Guide arrow at edge of screen

How would I program such a thing?

Say I have two (X,Y) coordinates, one coordinate is at the center of the screen, while the other coordinates are off the screen somewhere, lets say far off in the upper right hand direction. How would I program an arrow or symbol of some kind that would be drawn at the edge of the screen informing the player which direction the second coordinates are from the center of the screen?

Many games like FreeSpace, FreeLancer, GTA 1 and 2 etc. have such guide arrows... I know how to get an angle between the two points, and I know how to do it with some rather naive code.. but how should I go about doing it, and still be slick at the same time? ???


Interesting Question.

Personally, I would go about doing it something like this...

1) Determine distance to the edge of the screen using the angle given.
2) Using this distance, calculate the arrows location by converting this distance into horizontal and vertical components using sin/cos. (You are going to have to do some manipulations here with the actual location of the pixel, etc.)
3) Draw arrow at that location (rotated appropriatly, of course)

There is most likely a much better method, but this is what I can think of right off of the top of my head.


There's probably a line collision detection method that would apply well here. Let's pretend there's a rectangle which is 20 pixels in from each side of the screen. Fire a ray from the center of the screen to the offscreen object. Calculate where on the rectangle the ray intersects. There's your coordinates.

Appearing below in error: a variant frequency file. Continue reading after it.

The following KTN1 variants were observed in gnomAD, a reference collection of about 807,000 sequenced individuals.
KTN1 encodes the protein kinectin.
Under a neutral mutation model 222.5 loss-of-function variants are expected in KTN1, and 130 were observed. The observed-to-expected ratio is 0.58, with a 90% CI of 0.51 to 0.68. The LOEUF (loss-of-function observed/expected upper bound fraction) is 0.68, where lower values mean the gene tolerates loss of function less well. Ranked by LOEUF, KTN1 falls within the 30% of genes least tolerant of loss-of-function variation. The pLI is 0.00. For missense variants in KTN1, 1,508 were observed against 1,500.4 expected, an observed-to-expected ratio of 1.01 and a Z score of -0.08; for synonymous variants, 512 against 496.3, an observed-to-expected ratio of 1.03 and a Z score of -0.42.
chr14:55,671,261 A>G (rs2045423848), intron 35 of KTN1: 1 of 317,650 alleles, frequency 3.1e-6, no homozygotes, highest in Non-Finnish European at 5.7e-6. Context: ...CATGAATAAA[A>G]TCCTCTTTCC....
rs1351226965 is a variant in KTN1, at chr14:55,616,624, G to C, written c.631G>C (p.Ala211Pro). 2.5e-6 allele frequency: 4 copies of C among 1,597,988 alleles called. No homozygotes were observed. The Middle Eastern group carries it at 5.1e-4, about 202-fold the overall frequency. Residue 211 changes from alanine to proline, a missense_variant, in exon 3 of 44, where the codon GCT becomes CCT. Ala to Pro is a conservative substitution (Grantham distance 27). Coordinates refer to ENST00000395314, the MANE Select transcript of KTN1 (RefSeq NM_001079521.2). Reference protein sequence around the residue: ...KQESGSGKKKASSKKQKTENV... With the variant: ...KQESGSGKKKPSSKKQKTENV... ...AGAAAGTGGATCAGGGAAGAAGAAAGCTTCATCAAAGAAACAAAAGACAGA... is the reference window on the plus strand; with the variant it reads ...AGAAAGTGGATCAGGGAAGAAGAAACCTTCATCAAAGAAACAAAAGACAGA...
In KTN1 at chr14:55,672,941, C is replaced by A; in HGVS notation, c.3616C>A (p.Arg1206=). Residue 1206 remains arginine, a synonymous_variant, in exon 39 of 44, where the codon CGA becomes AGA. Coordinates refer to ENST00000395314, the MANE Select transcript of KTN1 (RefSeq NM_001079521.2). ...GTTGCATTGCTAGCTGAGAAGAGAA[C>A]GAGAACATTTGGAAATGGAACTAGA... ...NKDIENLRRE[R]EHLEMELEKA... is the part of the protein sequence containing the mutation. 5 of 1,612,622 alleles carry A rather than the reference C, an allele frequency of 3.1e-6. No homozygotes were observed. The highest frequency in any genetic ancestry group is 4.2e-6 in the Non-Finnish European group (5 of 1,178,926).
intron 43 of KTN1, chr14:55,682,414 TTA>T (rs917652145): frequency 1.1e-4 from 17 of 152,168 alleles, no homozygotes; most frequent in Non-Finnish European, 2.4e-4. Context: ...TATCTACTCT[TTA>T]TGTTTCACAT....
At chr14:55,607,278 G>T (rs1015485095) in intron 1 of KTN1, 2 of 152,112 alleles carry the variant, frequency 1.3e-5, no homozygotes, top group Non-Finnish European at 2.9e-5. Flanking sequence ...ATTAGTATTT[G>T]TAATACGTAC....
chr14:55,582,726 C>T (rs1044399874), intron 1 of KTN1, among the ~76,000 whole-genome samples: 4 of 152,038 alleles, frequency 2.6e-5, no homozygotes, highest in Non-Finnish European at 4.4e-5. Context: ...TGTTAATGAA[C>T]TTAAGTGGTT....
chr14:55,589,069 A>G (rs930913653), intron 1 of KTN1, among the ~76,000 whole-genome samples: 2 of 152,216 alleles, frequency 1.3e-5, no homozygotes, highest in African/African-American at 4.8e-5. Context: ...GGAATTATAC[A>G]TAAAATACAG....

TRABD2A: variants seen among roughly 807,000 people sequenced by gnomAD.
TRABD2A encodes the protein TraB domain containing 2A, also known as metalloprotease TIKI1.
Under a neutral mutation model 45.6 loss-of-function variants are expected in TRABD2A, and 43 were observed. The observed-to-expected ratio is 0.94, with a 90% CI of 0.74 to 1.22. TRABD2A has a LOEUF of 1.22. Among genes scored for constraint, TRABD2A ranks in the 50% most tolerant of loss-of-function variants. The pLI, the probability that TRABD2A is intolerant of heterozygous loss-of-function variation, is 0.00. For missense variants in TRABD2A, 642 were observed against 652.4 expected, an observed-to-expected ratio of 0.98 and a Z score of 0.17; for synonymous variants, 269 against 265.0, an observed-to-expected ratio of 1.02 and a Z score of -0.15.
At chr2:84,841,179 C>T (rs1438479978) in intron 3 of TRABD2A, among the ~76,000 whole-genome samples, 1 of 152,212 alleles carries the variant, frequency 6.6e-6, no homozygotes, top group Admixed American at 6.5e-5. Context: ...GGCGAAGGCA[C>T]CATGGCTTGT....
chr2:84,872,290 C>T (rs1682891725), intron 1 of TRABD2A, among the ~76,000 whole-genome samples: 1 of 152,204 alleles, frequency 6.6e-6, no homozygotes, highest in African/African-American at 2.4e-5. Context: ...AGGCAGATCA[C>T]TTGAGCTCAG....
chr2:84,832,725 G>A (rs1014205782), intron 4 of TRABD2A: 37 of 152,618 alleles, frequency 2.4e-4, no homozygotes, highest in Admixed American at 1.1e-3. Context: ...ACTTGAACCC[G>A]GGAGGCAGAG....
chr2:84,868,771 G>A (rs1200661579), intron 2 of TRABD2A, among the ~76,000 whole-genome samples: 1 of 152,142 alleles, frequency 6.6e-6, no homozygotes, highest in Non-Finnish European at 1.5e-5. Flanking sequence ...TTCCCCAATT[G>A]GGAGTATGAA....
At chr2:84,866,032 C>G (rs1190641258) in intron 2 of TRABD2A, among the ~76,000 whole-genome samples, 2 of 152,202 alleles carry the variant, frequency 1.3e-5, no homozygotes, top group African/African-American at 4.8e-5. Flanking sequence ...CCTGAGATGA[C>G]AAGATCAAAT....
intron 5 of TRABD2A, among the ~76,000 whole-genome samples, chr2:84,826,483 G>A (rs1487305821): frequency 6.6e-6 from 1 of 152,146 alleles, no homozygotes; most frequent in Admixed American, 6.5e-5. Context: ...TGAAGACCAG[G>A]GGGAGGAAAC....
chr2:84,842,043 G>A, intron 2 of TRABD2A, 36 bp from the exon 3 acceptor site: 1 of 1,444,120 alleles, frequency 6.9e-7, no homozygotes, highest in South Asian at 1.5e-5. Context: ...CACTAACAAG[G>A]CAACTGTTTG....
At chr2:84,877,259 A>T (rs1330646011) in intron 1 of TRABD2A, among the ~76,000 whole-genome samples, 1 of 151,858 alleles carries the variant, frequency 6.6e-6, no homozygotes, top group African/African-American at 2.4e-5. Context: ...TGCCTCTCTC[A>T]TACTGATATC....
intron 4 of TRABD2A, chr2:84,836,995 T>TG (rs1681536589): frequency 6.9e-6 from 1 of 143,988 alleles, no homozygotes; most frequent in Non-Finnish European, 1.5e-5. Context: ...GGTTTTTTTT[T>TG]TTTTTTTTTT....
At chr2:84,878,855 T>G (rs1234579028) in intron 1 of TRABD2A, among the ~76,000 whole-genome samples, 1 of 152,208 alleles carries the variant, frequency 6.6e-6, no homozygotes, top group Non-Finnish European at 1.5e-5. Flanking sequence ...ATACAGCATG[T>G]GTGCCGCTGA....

I just came up with that, but it sounds cool :)


Acutally, you could simplify this by utilizing similar triangles.

Let me explain:

Basically you can use ratios of the corresponding sides of the triangles to calculate the coordinates. So, if you have the distance from the point to the screen, and from the point to the other point... You can use those two numbers to form a ratio that you can multiply any diamention of the other triangle to get the same proportion on the base triangle.

Using this, there might even be away to completely elminate using angles! But, most likely not.


Both your ideas sound very interesting, and probably would work.

Carrus85: But how do you find what the distance is to the edge of the screen at a given angle? It sounds like you would have to do one of those line-collision things like 23 was saying, which brings me to:

23yrold3yrold: That line collision thing is what first came to my head, but I thought it would be rather innefficient...

I think I am going to do this: I won't put the guiding arrow on the edges of the screen. I will rather put the guiding arrow a pre-determined distance from your character in the center of the screen, so all the arrows will form a circle. This will be much easier, less CPU intensive, and still serve its purpose.

What do you think?

Am I just lazy? ;)

EDIT: Woah, just did this "credit goes to" thing. Of course, credit goes to anyone else willing to post thier respective thoughts. :)


I think that will work, but if the arrows are too big it might obscure vision. Maybe make some kind of HUD setup; a large, transparent, semi-thick radar circle around the player, with small arrows on that. Depends how many objects we're talking and how many different types, or what info you want to convey, or if it's just a "You want to go this way" arrow ... I'm sure you can get something set up :)

And my idea isn't inefficent at all. On the contrary; it would probably be pretty darn fast 8-)


Maybe this will help... TRIANGLE DATA

Ok, crash course in basic geometry/calculus...

Deltax = x2 - x1;
Deltay = y2 - y1;

Ratio = Deltay/Deltax

Value of offset on screen = ratio*distance_from_edge_of_screen